Pakistan is the weakest link in world security and the next terror attack in the US will originate in that country, said a
high-powered bipartisan US Congressional commission, adding it is the "intersection of nuclear weapons and terrorism."
"If one has to map terrorism and weapons of mass destruction today, all roads would intersect in Pakistan," the report "World at Risk" said while devoting a whole chapter on the Islamic country.
"Although Pakistan is an ally (of US) there is a grave danger it could also be an unwitting source of a terrorist attack on the United States, possibly with weapons of mass destruction," the report said.
The Commission was chaired by former US Senator Bob Graham and included Wendy Sherman, a former senior Clinton Administration official, who is now the chair of the foreign policy transition team of the incoming Obama Administration.
Speaking on CNN television, Graham called Pakistan the "intersection of the perfect storm."
In remarks suggesting that Pakistan could be emerging as a most lethal tinderbox, the report noted that "Pakistan has nuclear weapons and a history of unstable governments and parts of its territory are currently a safe haven for al-Qaida and other terrorists."
The authors of the report said they had "singled out Pakistan for special attention in the report, as we believe it poses a serious challenge to America's short-term and medium-term national security interests. Indeed many government officials and outside experts believe that the next terrorist attack against the US is likely to originate from within the Federally Administered Tribal Areas (FATA) in Pakistan."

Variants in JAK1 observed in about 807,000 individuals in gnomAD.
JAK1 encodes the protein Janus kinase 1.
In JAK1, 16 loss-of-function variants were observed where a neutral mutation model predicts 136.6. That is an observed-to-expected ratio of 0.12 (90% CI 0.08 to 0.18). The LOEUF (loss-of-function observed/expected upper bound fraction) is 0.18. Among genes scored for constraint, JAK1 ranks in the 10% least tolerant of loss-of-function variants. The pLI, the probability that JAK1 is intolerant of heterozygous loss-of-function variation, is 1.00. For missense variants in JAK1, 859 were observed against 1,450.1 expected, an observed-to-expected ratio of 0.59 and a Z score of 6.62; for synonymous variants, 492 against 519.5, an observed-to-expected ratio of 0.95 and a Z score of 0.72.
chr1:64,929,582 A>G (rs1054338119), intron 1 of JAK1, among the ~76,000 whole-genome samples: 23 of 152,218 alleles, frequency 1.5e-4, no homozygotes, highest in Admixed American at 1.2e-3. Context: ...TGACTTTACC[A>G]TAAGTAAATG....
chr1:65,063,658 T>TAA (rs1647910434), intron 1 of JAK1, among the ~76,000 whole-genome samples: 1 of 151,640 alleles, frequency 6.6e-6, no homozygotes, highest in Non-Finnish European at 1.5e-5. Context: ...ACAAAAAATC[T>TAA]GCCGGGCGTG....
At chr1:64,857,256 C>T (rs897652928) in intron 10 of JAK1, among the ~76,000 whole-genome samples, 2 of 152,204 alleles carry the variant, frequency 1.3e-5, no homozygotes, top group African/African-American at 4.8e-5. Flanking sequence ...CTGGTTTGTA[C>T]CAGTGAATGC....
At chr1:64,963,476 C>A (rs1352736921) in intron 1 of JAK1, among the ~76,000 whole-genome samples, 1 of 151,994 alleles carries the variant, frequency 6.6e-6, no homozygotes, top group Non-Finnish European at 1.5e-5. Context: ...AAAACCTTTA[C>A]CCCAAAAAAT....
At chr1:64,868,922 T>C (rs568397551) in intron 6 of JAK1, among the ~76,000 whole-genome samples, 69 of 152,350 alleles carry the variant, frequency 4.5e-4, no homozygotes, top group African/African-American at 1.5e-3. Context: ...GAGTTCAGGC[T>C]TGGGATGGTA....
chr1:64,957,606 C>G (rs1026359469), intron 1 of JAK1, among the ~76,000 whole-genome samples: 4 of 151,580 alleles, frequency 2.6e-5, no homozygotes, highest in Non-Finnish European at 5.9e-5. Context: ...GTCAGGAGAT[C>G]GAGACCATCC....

"Moreover, given Pakistan's tense relationship with India, its buildup of nuclear weapons is exacerbating the prospect of a dangerous arms race in South Asia that could lead to a nuclear conflict," the commission warned.
The rapid spread of nuclear technology in countries like Pakistan and Iran are seen as the main dangers with Islamabad seen as perhaps the most dangerous of them all.
The odds that terrorists will soon strike a major city with nuclear or biological weapons are now higher than ever, the panel said, identifying Pakistan as an area of "grave concern" due to terror networks and its atomic arsenal.
"In terms of the next of proliferation and terrorism, Pakistan must top the list of priorities for the next President and the Congress," the report said.
The Commission suggested that the next President and the Congress should implement a comprehensive policy towards Pakistan that works with Islamabad and other countries to eliminate terrorist safe havens through military, economic and diplomatic means and secure biological and nuclear materials in Pakistan. They should also counter and defeat extremist ideology and constraint a nascent nuclear arms race in Asia.
The report warned that a nuclear or biological attack is likely within five years and called for decisive global action to address the threat. It urged the creation of a new post in the White House that would focus solely on overseeing government efforts to prevent an attack with WMD.
Without urgent action, "it is more likely than not that a WMD will be used in a terrorist attack somewhere in the world by the end of 2013," the commission said.
"America's margin of safety is shrinking," it added. The main dangers identified by the Commission on the Prevention of Weapons of Mass Destruction Proliferation and Terrorism are the rapid spread of nuclear technology in countries such as Pakistan and Iran and poor security in biotech industries worldwide.